The switch statement allows to select one of the many blocks of code for execution. When the result of <case-expression> equals the value of the <selector-expression>, the corresponding <statements> are executed. If there is no matching <case-expression>, the statements marked by the default: label get executed (if present).
break [label] ;
The break statement terminates the execution of loops (for, for in, while or do/while) and switch statements. If the label is provided, it's a so-called named break statement. It breaks the outer loop, marked by the corresponding label. It is a syntax error if no such label is found in the current scope.
Example:
for:outer ( var row in rows )
for:x ( var cell in row )
 if ( cell == current ) break outer;
continue [label] ;
The continue statement forces a loop (for, for in, while or do/while) to skip to the next iteration. If the label is provided, it's a so called named continue statement. It will iterates the outer loop, marked by the corresponding label. It is a syntax error if no such label is found in the current scope.
var <name-or-name-list> [ = <init-expression>] [ , <name> [= <init-expression>] ... ] ;
The var statement introduces a new variable local to the current scope. Blocks ( { ... } ) establish variable scopes in the language. (Note: In JavaScript, the scope is established only by the body of a function).
<name-or-name-list> here is either single <name> or group of names enclosed by ( and  ) parentheses and separated by the comma ,
Example:
var (a,b,c) = 1; - declares variables a,b,c and assigns value '1' to them.
var (a,b,c) = (1,2,3); - equivalent of var a = 1, b = 2, c = 3;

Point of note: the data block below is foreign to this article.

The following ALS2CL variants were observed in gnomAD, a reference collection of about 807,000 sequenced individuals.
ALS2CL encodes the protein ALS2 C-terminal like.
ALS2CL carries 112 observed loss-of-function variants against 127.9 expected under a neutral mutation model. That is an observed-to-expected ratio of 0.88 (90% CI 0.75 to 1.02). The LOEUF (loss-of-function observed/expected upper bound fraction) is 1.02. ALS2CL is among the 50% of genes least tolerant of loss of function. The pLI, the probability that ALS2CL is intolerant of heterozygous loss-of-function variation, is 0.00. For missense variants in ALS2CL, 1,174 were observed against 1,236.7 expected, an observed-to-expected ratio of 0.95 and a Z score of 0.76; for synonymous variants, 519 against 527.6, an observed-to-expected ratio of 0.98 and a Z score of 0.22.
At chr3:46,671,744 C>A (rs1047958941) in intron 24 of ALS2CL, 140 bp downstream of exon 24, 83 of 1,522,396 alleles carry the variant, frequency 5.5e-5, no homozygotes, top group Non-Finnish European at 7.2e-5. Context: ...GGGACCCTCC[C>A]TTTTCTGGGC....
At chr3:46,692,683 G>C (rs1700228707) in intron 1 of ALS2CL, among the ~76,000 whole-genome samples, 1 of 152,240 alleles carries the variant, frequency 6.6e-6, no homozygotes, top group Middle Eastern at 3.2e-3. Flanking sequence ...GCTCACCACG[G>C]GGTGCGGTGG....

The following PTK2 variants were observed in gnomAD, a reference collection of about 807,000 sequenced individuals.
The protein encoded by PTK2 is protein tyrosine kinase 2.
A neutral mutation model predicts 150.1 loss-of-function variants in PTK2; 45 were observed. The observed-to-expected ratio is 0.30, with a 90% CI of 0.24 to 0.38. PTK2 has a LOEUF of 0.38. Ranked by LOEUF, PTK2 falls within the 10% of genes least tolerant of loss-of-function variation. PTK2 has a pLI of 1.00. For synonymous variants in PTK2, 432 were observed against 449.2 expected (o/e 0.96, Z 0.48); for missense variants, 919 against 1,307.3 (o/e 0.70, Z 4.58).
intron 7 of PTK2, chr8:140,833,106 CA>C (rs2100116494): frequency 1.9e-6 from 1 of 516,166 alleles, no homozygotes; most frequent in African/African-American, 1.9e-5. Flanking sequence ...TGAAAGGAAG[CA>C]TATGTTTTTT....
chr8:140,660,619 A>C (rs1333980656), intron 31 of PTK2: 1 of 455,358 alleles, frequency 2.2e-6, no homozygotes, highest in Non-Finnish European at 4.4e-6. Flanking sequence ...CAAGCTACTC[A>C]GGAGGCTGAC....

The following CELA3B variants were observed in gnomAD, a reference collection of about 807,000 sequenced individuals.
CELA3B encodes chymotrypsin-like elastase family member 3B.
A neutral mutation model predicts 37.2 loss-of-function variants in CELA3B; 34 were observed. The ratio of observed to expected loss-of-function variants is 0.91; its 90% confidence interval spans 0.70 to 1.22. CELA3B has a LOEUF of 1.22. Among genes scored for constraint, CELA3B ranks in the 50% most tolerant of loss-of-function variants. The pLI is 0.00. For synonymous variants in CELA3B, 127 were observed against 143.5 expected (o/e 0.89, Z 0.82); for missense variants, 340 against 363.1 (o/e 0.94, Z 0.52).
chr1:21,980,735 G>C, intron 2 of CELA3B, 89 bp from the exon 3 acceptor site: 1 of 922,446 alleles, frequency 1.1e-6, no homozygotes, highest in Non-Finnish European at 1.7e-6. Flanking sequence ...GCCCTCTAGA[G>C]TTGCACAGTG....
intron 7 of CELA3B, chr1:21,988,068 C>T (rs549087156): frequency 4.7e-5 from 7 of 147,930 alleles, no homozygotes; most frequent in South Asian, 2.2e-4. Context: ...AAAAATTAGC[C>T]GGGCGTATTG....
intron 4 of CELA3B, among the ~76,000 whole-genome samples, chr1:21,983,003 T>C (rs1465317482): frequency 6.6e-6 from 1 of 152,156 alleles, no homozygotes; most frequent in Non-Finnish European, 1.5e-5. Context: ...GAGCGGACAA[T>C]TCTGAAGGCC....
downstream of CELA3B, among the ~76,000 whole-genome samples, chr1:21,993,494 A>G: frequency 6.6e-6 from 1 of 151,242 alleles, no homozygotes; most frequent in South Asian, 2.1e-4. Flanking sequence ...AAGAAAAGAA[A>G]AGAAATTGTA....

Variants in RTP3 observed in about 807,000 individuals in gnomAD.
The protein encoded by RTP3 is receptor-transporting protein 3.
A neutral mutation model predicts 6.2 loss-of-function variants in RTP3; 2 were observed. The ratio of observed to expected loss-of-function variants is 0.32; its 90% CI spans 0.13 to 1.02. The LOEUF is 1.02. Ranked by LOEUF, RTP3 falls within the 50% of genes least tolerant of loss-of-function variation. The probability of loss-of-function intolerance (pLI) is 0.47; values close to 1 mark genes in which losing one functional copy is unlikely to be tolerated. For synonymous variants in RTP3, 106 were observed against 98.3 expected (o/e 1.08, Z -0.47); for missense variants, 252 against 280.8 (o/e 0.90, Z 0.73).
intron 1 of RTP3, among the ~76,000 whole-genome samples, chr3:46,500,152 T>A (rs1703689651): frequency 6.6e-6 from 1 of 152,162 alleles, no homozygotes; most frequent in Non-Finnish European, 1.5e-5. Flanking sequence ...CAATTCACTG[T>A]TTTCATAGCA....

return [ <expression> | <expression-list> ] ;
The return statement terminates the execution of the current function, optionally returning the result of the <expression> or <expression-list>. If the expression is omitted, the function will return the special undefined value.
Note that the return can return multiple values by providing expressions list:
function rect() { return (10,10,100,100); }
var (x,y,width,height) = rect(); // x and y get '10' and width and height get '100' values.
const <name> = <init-expression> [ , <name> = <init-expression> ... ] ;
The const statement introduces a new named constant, local to the current scope. Autside the const statement, any attempt to assign another value to the <name> will generate a compile-time error.
try <statement> catch ( <variable-name> ) <catch-statement> finally <finally-statement>
The try statement encloses a block of code in which an exceptional condition may occur, such as a runtime error, or a throw statement. The catch clause provides the exception handling code. When a catch clause catches an exception, its <variable-name> is bound to that exception. The <finally-statement> is executed unconditionally after the try block - both in the case of an exception, and if the <statement> executes normally.
assert <test-expression> [ : <info-expression> ] ;
The assert statement allows you to test assumptions about your program. When the <test-expression> evalutes to false at runtime, an error is thrown with the source text of the <test-expression> and <info-expression> (if any).
<expression> ;
Expressions that end with ';' constitute a single statement. Result of the <expression> is suppressed.